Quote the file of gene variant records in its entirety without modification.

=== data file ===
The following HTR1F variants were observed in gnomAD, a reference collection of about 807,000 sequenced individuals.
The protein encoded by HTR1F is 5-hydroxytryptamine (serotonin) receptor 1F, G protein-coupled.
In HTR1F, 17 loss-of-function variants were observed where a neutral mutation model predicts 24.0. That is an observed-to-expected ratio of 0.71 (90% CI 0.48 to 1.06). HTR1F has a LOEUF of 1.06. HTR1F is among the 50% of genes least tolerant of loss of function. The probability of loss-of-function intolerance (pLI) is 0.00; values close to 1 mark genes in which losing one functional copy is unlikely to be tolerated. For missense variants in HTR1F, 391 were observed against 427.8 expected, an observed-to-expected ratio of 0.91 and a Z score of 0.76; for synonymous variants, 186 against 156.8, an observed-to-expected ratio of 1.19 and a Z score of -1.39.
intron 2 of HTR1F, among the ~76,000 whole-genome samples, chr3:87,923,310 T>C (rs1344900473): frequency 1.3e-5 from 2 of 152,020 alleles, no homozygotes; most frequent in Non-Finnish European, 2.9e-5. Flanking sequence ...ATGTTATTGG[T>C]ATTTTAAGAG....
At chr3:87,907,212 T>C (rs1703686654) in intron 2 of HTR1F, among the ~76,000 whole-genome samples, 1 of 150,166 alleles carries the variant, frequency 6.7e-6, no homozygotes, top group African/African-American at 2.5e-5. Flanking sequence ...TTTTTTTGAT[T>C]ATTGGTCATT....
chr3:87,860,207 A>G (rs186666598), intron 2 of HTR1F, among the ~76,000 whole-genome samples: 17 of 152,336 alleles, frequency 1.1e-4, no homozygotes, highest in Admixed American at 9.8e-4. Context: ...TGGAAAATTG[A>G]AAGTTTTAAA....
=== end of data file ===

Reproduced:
The following HTR1F variants were observed in gnomAD, a reference collection of about 807,000 sequenced individuals.
The protein encoded by HTR1F is 5-hydroxytryptamine (serotonin) receptor 1F, G protein-coupled.
In HTR1F, 17 loss-of-function variants were observed where a neutral mutation model predicts 24.0. That is an observed-to-expected ratio of 0.71 (90% CI 0.48 to 1.06). HTR1F has a LOEUF of 1.06. HTR1F is among the 50% of genes least tolerant of loss of function. The probability of loss-of-function intolerance (pLI) is 0.00; values close to 1 mark genes in which losing one functional copy is unlikely to be tolerated. For missense variants in HTR1F, 391 were observed against 427.8 expected, an observed-to-expected ratio of 0.91 and a Z score of 0.76; for synonymous variants, 186 against 156.8, an observed-to-expected ratio of 1.19 and a Z score of -1.39.
intron 2 of HTR1F, among the ~76,000 whole-genome samples, chr3:87,923,310 T>C (rs1344900473): frequency 1.3e-5 from 2 of 152,020 alleles, no homozygotes; most frequent in Non-Finnish European, 2.9e-5. Flanking sequence ...ATGTTATTGG[T>C]ATTTTAAGAG....
At chr3:87,907,212 T>C (rs1703686654) in intron 2 of HTR1F, among the ~76,000 whole-genome samples, 1 of 150,166 alleles carries the variant, frequency 6.7e-6, no homozygotes, top group African/African-American at 2.5e-5. Flanking sequence ...TTTTTTTGAT[T>C]ATTGGTCATT....
chr3:87,860,207 A>G (rs186666598), intron 2 of HTR1F, among the ~76,000 whole-genome samples: 17 of 152,336 alleles, frequency 1.1e-4, no homozygotes, highest in Admixed American at 9.8e-4. Context: ...TGGAAAATTG[A>G]AAGTTTTAAA....